So, you’ve decided to sell your business. Or maybe you’d like to, but you think of the work involved and decide it’s too hard. Perhaps you don’t know where to start or the resources available to you. Maybe it’s been in your family for years, and you’re emotionally tied to it.
Wherever you are in the decision-making process, selling your business can be stressful. But if you give yourself time to plan and use the resources available, you can minimise the stress while working towards getting the price you want.
Taking the first step
The first step in selling your business is deciding when you want to sell. Immediately is not an option because it can take up to two years to get a business ready for sale. And it’s something that shouldn’t be rushed because rushing can impact:
The sale price
If you don’t present your business in the best light, offers may be low. You don’t want to cheat yourself out of the equity you’ve worked so hard to build up.
The potential buyer’s trust
If you aren’t ready or gloss over details because you haven’t pulled them together, then the potential buyer may think you’re hiding something.
Employees are perceptive, especially when it comes to their livelihoods. A rushed sale could plant doubts that they matter. And high employee morale is crucial when someone is looking to buy your business.
Include employees early on and let them know you’ll be needing their help to ready the business for sale. After all, their futures will be impacted. And who knows, one of them may even be interested in buying your business!
What to do in the early stages
Time to roll up your sleeves and start making changes that will make your business attractive to potential buyers. These may include:
Increase your net profit
Boosting your net profit can improve your business value by five to 10 times per dollar.
In the Australian version of Small Business For Dummies (4th edition), Veechi Curtis writes:
“I knew a husband and wife team who ran a nursery business with a turnover of $600,000 and average net profits of $50,000 a year. As part of preparing to sell, they bumped up prices by 10 per cent. Sales only dropped a little but, even so, they immediately made an extra profit of $40,000, increasing average profits to $90,000 a year. The result was an instant increase in the value of their business of about $300,000.”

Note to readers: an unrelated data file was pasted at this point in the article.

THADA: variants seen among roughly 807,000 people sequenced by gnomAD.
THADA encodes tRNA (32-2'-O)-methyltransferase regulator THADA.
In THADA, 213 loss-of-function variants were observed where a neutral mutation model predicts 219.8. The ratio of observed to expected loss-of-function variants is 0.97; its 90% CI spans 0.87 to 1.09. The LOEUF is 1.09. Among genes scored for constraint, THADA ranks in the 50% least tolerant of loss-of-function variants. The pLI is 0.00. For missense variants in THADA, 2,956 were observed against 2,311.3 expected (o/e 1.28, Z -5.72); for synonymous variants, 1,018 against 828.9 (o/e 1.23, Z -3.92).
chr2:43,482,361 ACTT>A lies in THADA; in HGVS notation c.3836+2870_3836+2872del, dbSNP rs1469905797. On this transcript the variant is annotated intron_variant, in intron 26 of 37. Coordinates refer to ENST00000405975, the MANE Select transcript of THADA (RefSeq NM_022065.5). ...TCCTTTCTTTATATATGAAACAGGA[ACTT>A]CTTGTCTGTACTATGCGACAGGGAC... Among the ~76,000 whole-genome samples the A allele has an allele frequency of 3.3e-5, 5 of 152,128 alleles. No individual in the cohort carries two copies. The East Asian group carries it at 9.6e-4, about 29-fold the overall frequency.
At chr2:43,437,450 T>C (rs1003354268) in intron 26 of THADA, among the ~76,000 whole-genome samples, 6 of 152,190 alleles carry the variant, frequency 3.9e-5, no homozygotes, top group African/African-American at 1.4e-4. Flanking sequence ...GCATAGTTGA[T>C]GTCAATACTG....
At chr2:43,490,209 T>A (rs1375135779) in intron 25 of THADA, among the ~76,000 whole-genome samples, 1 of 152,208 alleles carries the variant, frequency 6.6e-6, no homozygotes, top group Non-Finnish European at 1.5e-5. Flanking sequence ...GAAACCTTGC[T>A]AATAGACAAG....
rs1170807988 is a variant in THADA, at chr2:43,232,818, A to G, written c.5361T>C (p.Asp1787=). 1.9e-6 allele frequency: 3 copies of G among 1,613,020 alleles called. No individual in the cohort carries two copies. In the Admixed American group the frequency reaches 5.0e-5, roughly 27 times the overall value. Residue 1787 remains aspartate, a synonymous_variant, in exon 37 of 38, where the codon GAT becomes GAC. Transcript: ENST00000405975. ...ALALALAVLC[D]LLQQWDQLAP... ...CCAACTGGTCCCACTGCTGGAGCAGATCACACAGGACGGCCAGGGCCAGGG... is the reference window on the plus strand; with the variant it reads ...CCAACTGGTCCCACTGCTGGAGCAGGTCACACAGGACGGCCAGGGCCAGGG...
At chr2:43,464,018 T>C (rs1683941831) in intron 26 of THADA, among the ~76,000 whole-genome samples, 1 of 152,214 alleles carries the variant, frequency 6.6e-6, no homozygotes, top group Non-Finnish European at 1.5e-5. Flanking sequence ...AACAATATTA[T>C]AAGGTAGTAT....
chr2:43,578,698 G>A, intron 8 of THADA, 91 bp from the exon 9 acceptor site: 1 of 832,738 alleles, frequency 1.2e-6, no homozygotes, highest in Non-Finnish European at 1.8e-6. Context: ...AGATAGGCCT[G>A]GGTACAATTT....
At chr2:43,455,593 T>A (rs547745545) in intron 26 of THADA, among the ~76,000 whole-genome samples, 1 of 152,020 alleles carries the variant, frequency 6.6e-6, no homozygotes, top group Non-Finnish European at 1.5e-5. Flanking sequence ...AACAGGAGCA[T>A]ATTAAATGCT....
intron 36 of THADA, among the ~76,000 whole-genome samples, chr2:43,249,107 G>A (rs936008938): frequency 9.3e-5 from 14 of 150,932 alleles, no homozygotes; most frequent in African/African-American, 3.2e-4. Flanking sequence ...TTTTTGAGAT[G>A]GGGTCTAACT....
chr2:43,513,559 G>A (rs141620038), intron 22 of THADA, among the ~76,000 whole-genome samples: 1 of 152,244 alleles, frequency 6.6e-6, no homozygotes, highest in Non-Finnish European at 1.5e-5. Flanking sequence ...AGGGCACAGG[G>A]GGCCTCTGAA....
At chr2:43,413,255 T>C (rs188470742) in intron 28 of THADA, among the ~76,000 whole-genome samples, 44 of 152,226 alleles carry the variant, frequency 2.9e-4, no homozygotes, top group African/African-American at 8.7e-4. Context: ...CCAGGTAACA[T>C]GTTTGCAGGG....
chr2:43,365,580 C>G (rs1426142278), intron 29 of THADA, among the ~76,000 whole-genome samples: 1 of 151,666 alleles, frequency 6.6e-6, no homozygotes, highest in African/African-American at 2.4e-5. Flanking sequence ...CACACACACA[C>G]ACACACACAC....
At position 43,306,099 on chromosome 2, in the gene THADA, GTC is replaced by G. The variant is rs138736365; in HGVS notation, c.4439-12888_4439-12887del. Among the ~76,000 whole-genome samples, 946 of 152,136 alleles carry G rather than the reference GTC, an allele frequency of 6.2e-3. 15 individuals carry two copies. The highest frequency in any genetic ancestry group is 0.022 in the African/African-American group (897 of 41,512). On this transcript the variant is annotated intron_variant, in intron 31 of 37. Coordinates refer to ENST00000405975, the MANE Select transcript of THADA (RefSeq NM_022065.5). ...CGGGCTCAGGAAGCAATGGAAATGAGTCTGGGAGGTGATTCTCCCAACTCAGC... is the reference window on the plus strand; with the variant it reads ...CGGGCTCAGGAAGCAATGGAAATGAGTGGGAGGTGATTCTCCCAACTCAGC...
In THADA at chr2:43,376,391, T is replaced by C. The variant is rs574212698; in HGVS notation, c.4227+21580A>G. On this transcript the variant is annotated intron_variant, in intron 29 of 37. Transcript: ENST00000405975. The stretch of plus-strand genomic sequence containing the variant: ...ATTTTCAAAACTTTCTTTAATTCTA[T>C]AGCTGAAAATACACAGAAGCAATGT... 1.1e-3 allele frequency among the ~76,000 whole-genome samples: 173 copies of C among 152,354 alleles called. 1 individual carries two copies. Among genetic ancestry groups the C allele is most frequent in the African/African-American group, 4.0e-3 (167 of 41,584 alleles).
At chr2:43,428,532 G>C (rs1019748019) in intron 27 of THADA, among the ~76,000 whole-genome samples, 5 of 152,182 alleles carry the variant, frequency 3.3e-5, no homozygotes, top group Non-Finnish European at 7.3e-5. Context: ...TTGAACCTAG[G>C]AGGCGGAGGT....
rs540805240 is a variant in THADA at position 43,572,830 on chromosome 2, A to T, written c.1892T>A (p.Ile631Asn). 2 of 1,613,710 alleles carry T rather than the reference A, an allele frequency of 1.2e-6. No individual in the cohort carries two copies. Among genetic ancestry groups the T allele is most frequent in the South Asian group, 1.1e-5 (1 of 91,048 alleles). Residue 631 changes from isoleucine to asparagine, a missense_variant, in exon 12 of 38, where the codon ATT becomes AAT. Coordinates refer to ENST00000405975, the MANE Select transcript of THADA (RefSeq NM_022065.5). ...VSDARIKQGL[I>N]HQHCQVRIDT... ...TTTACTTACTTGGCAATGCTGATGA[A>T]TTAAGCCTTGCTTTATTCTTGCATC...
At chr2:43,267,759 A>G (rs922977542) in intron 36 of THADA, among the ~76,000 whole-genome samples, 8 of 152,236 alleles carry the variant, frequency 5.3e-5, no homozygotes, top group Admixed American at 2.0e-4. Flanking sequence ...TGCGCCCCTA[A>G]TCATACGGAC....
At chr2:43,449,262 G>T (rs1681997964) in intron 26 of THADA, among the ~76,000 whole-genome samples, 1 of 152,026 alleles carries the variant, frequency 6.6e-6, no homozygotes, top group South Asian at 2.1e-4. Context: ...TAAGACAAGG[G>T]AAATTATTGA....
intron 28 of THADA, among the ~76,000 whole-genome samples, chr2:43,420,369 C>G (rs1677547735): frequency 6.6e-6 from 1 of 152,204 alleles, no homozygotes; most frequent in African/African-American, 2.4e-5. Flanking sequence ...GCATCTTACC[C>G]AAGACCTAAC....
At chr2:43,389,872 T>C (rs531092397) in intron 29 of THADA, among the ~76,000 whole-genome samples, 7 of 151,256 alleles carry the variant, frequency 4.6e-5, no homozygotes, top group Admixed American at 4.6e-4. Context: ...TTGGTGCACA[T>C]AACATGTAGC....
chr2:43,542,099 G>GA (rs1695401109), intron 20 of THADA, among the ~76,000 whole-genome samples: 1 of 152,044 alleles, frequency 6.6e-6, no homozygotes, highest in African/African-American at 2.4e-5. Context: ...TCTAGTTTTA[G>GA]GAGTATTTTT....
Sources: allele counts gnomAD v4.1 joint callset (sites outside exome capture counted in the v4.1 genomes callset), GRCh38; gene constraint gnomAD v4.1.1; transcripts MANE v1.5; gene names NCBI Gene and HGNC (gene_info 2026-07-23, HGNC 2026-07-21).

Avoid new projects or products
There’s a lot to prepare for when selling your business, and you don’t want to be distracted by taking on time-consuming new projects or product launches. Instead, keep those in mind to share with the new owner.
Not only will this free you up to concentrate on your sale, but it will show the new owner that you care about the business’ future.
Your employees are in a position to give you ideas on how to streamline processes and cut costs, but are often overlooked in favour of someone who has a business degree. Never underestimate the ways they can make their work quicker and easier, saving your business both time and money. And potentially boosting your sale price in the process.
Love your financials
Financial reporting can get lost in the busy-ness of business, but it’s imperative you have reports for at least the past three years available to prospective buyers.
These will include:
Profit and loss
A Profit and Loss statement summarizes the revenue and costs for a specified period, usually a fiscal quarter or year. Use a spreadsheet to help you work out your net profit, which is crucial to understanding your business’s value. Want a simple one? Download a template here.